It is also possible with "small" estates in New York State (not including real estate) to go through estate settlement without probate.

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8. What is required to prove the validity of the Will?
Usually the court gives an opportunity to allow others to object to the Will and to determine if the Will is valid. It must be shown that the Will was the last will; there was testamentary capacity (deceased was mentally competent, over 18 years old, and there was no undue influence); and that the Will was correctly signed.

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9. What are the costs associated with probate?
The process of probate may cost approximately 4-7% of the total estate value. This includes executor fees, court filing fees, legal and accounting fees. If a Will is contested there could also be substantial litigation costs.

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10. What if I die without a will?
If you die without a Will, the state appoints an Administrator who will follow state rule as to how your estate will be distributed after debts and taxes are paid. New York State uses "intestacy rules" to determine who gets property, money, and other assets.

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11. What happens when a will is lost or stolen?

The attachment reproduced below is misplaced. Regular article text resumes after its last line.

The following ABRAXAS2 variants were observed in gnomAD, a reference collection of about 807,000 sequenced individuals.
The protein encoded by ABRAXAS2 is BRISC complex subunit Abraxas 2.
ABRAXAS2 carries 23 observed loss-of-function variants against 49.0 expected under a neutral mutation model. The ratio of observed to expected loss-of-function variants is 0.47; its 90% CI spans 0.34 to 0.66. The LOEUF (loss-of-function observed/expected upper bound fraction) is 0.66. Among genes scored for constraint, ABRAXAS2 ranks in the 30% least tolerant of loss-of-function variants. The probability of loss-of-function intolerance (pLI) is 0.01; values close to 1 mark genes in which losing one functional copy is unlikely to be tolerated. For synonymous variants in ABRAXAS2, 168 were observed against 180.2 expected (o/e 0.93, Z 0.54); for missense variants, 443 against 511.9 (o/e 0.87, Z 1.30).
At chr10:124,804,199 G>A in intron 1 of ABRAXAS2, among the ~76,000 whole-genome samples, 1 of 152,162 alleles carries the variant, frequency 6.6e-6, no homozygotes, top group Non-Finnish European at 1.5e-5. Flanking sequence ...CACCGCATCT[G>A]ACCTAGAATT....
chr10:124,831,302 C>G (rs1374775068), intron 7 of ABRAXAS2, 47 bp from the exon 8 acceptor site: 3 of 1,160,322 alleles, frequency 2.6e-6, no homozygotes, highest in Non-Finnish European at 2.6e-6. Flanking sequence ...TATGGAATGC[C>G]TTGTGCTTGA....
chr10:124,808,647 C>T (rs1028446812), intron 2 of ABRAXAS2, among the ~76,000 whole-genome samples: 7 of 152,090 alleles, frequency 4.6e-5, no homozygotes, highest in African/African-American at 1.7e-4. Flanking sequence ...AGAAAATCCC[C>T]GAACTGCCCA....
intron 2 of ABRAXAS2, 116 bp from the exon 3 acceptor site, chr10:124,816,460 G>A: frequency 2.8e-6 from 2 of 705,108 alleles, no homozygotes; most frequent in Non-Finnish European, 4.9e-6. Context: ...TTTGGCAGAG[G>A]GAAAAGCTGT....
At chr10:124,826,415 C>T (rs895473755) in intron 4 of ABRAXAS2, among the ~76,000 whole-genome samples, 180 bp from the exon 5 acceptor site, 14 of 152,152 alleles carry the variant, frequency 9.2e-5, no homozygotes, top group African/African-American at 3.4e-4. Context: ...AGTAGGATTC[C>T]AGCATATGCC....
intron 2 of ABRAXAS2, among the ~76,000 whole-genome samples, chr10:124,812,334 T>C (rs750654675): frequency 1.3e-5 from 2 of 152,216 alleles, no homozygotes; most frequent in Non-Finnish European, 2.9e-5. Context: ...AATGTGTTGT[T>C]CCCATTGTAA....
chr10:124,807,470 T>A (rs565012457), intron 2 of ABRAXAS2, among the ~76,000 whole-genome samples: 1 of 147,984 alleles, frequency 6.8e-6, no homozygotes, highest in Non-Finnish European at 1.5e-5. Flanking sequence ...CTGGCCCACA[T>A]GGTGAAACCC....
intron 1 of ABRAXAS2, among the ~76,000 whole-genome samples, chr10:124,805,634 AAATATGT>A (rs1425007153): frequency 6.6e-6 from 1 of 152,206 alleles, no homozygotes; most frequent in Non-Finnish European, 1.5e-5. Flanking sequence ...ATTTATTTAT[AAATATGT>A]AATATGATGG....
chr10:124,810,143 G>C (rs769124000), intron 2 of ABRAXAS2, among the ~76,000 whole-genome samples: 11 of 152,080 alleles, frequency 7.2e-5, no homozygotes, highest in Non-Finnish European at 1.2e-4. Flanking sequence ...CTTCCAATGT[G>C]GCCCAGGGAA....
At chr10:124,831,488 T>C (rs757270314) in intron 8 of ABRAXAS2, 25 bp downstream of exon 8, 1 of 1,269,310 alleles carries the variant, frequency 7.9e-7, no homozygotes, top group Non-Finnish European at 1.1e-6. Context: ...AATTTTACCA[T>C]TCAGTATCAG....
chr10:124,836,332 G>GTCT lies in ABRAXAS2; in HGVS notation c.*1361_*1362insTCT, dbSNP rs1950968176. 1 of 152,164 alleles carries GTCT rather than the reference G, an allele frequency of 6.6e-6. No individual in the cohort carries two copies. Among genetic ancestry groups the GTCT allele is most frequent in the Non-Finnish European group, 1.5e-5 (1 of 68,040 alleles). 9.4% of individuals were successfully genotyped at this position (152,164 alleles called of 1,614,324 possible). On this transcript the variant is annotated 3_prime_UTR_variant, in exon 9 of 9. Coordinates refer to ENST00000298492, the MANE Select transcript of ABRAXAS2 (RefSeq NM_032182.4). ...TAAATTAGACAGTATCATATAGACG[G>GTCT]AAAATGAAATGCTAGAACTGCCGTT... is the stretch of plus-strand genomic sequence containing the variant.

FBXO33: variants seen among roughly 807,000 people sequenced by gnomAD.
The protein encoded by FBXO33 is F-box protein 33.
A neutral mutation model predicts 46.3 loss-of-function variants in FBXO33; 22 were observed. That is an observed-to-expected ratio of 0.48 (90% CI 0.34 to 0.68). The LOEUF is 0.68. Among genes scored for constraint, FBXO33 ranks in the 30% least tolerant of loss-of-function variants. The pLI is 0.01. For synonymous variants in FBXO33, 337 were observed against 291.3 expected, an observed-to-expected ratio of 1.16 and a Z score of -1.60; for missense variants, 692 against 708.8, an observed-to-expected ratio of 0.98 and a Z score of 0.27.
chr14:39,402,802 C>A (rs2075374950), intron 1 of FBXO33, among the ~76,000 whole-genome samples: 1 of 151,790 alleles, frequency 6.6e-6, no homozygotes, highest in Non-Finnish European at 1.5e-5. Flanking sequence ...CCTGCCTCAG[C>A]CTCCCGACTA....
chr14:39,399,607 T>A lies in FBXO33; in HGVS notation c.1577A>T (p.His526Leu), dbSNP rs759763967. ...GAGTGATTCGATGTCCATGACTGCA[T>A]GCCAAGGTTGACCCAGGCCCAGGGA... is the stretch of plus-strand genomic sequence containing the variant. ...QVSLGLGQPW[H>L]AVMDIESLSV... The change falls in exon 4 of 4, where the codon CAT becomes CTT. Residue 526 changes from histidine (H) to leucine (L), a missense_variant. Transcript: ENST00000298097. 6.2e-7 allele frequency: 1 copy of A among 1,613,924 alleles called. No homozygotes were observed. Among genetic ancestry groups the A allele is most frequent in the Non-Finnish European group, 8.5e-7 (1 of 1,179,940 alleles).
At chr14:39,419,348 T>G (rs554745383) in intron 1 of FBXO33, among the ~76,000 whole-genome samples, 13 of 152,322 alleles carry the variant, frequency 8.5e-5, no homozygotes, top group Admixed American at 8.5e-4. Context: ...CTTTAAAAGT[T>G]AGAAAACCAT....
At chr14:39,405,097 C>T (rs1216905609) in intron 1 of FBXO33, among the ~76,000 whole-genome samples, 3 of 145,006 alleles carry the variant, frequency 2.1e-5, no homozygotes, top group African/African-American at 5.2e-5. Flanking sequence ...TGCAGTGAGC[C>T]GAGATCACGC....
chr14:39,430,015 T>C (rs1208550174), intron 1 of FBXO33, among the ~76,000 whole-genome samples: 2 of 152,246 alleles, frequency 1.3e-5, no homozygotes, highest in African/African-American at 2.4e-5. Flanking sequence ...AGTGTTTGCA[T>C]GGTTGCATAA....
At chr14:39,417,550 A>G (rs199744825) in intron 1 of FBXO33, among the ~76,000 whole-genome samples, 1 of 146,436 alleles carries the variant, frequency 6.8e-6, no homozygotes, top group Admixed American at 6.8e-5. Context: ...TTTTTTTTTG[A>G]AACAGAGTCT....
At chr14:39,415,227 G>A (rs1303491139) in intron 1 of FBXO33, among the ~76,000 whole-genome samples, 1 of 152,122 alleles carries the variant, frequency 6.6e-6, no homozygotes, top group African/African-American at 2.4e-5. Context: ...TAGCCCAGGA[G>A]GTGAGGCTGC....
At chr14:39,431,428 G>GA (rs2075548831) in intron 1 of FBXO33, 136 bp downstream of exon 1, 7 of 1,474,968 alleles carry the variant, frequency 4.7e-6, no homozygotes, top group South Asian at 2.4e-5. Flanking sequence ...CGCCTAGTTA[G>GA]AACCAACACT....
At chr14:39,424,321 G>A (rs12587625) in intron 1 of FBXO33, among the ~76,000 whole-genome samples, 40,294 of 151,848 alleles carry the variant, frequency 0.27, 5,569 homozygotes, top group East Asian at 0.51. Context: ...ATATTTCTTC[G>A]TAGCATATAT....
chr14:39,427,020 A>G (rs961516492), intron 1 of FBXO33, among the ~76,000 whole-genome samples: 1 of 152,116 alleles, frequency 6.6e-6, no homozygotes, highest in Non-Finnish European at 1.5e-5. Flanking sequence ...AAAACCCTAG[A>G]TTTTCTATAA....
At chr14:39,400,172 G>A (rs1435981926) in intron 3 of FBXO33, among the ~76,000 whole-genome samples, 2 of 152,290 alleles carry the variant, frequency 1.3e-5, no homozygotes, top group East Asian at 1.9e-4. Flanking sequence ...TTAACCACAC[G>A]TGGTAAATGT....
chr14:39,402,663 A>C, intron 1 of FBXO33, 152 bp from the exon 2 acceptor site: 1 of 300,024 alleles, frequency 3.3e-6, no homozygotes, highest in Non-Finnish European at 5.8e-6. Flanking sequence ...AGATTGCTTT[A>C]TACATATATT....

Sometimes, families will run into the problem where the original Will cannot be located following the death of a family member. When a Will cannot be found at the time of a testator's death and after every effort is made to locate the Will by calling lawyers, banks and friends, the will is presumed that the Will has been revoked by the testator.

The result is that the deceased died without a Will, and New York State will go about dispersing the deceased estate under "intestacy rules."

If you have a photocopy of a Will, but not the original Will, it may be possible to probate the photocopy, although this is not the court's first choice and the courts may not allow this.

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12. Where do you go to obtain the documents for probate?
Each county in New York State has a Surrogates Court where you can obtain probate papers. They can also be found on this website: http://www.nycourts.gov/forms/surrogates/omni/probate.pdf

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13. When should I make a will?
You must be at least 18 years of age to create a will. It is recommended that everyone make a will when they acquire property to protect the distribution of assets and/or have children so a guardian can be assign in the event of a parental death.

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14. How long does it take to close an estate once probate is started?
It depends on the estate and the complexity of the settlement.

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15. What are the time limitations on probates?
An interested person may offer a will for probate at any time. For example, if you find out that your spouse who died 10 years ago had a separate bank account, you are still eligible to probate at anytime to receive those assets. However, other rights may be jeopardized by an unreasonable delay.

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Helpful Links:

On probate documents:
http://www.nycourts.gov/forms/surrogates/omni/probate.pdf

To American Bar Association:
http://www.abalawinfo.org/

To New York State Bar Association:
http://www.nysba.org/

For finding a lawyer:
http://www.1800probate.com/probate-lawyer/new-york.html